National Grammar Day is just around the corner — it falls on Monday, March 4th (march forth, get it?). Among the festivities is the annual Grammar Haiku Contest, overseen by editor Mark Allen. In the contest, verbivores vie for glory by submitting grammar- or usage-based haikus on Twitter. This year, I've been asked to be a judge.
I'm honored to join the panel of esteemed judges, who include:
- Martha Barnette (@MarthaBarnette), host of the nationally syndicated public radio program "A Way with Words," public speaker and author of several books.
- Martha Brockenbrough (@mbrockenbrough), founder of National Grammar Day and the Society for the Promotion of Good Grammar, and author of "Things That Make Us (Sic)" and the young adult novel "Devine Intervention."
- Larry Kunz (@larry_kunz), technical writer in Raleigh-Durham, N.C., area, project manager and senior information developer for SDI Global Solutions, instructor at Duke University, and fellow with the Society for Technical Communication.
- Bill Walsh (@TheSlot), Washington Post copy editor and author of "Lapsing into a Comma," "The Elephants of Style," and the forthcoming, "Yes, I Could Care Less: How to Be a Language Snob Without Being a Jerk."
Larry Kunz was the winner of last year's contest. His winning entry was:
Being a dangler,
Jane knew it would have to come
out of the sentence
(You can see all of the runners-up here.)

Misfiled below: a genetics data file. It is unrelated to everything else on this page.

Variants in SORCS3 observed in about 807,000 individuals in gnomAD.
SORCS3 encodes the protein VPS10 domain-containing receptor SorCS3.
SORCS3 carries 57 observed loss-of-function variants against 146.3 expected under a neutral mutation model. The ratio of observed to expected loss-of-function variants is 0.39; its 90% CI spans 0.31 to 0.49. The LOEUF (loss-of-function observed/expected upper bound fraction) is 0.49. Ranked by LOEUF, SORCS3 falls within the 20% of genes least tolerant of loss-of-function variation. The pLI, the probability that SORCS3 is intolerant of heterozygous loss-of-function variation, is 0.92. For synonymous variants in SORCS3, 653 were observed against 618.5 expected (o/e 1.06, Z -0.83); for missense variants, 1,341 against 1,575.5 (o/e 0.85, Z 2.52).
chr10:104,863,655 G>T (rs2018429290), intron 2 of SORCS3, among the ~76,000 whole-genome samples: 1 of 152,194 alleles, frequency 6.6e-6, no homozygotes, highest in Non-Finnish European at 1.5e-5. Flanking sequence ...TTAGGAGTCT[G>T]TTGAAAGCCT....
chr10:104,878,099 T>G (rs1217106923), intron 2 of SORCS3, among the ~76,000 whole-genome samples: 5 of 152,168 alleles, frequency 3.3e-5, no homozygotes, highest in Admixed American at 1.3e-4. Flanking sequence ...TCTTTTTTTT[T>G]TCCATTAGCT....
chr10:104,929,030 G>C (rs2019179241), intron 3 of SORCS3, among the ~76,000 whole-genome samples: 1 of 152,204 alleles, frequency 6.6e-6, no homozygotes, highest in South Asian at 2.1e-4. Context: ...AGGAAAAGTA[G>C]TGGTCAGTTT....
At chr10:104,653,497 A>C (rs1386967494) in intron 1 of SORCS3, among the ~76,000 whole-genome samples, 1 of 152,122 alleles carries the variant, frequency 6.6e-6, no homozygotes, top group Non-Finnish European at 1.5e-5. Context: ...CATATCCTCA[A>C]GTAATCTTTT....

Want to take part in this year's competition? Tweet your haiku by 10 p.m. EST Saturday, March 2nd, using the hashtag #GrammarDay. Mark Allen's announcement provides further details. Winners will be announced on the morning of National Grammar Day, Monday, March 4th. In the meantime, you can follow the action on Twitter or via the Storify that Mark has set up to track all submitted haikus.
Make your haiku sing
With the glory of grammar.
Update, Mar. 4: Congratulations to Arika Okrent, who won the contest with the following haiku:
I am an error
And I will reveal myself
After you press send
Check out the worthy runners-up on Mark Allen's blog.
Ben Zimmer is language columnist for The Wall Street Journal and former language columnist for The Boston Globe and The New York Times Magazine. He has worked as editor for American dictionaries at Oxford University Press and as a consultant to the Oxford English Dictionary. In addition to his regular "Word Routes" column here, he contributes to the group weblog Language Log. He is also the chair of the New Words Committee of the American Dialect Society.Click here to read other articles by Ben Zimmer
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